Black Swans Face Injury, Captivity and Death
Published: Sunday, September 11, 2011
Updated: Monday, September 26, 2011 19:09
The black swans that populated Furman's lake were a popular sight with students and visitors before they disappeared last spring. It was surprising then when students returned to campus for a new semester to find a large enclosure housing the two black swans on the east shore of the lake.
What is more surprising is that there is now only one black swan.
Last spring, the female swan, Isabelle, went missing for several days before Facilities Services found her, injured from an attack by white swans. Apparently, the white swans are territorial and aggressive during their spring mating season.
Isabelle would make a successful recovery under the care of a veterinarian and Facilities Services. She would not return to the lake though. Instead Facilities Services placed Isabelle and her partner, Thomas, in a 20' by 25' enclosure along the lake to protect them as their breeding season approached.
Unfortunately, this setup presented new problems. Furman's water population includes not only swans and fish but also snapping turtles. These creatures are much larger and live in deeper waters than the small turtles students often glimpse sunning themselves on warm days.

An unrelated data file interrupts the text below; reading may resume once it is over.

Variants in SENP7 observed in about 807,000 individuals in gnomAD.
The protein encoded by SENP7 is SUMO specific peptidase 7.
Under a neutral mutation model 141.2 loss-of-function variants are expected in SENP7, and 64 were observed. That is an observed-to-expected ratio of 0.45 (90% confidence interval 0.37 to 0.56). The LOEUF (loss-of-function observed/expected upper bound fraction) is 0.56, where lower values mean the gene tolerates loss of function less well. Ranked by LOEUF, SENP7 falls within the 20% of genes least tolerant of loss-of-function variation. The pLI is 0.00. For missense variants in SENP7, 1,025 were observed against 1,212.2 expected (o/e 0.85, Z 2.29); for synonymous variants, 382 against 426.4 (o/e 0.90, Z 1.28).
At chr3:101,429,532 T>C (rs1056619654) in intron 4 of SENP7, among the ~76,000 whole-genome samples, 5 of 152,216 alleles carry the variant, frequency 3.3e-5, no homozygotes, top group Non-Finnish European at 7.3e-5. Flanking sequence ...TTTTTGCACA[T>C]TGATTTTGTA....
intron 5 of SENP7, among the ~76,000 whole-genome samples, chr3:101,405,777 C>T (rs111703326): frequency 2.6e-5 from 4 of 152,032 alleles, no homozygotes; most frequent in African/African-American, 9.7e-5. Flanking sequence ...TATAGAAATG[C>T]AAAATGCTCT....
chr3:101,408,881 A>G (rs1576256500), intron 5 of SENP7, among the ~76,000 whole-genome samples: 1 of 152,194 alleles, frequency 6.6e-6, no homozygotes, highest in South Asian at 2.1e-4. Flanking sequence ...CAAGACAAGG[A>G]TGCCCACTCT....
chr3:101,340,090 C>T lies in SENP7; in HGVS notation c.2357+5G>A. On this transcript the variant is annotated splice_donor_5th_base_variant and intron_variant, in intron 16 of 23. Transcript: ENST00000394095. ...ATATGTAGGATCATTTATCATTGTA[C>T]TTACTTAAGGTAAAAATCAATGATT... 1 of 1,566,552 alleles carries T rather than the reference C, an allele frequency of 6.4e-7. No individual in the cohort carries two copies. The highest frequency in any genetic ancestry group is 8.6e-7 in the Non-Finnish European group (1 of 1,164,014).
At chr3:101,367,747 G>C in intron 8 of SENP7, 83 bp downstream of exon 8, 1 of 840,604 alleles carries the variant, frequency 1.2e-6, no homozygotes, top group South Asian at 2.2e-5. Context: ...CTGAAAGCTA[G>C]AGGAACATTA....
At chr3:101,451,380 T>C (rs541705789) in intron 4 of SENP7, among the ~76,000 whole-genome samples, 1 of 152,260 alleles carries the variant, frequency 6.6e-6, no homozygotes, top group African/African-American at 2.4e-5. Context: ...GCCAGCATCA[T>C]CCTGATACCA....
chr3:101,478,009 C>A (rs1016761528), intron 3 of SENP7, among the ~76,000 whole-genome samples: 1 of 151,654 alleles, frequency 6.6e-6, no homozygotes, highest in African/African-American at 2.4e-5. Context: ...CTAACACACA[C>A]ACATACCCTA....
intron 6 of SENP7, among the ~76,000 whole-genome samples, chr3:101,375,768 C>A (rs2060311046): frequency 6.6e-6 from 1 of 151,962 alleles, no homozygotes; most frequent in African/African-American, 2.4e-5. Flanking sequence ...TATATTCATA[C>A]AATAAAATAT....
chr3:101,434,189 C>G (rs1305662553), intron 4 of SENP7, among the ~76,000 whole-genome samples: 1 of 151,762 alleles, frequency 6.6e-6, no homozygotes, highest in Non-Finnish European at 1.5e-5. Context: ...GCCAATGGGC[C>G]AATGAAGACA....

"As the water went down, we had to move the enclosure down so they would have enough water," said Sheree Wright, Senior Grounds Keeper at Furman. "This took them into the area where the [snapping] turtles live."
Wright, who tends to the swans twice daily, went to feed the swans one morning only to find that Thomas's beak had been badly injured by what appeared to have been a snapping turtle. He was taken to a veterinarian who specializes in beak reconstruction, but the injury was beyond repair. Thomas was humanely sedated and euthanized and later buried on Furman's campus.
The female swan will continue to stay in the enclosure since there is a slight chance that she is pregnant. Furman has no plans to purchase another swan at this time.
"We're reluctant to replace our swans before the lake changes," Wright commented. "It needs to be dredged. And the snapping turtles need to be relocated. They kill baby ducks and swans."
Furman introduced the black Australian swans to the lake last March. According to Wright, an anonymous couple that enjoys watching the swans on the lake donated the $950 necessary to purchase what Furman had hoped would become a breeding pair.
Students interested in helping the university purchase a new black swan and improve lake quality can donate to Friends of the Lake.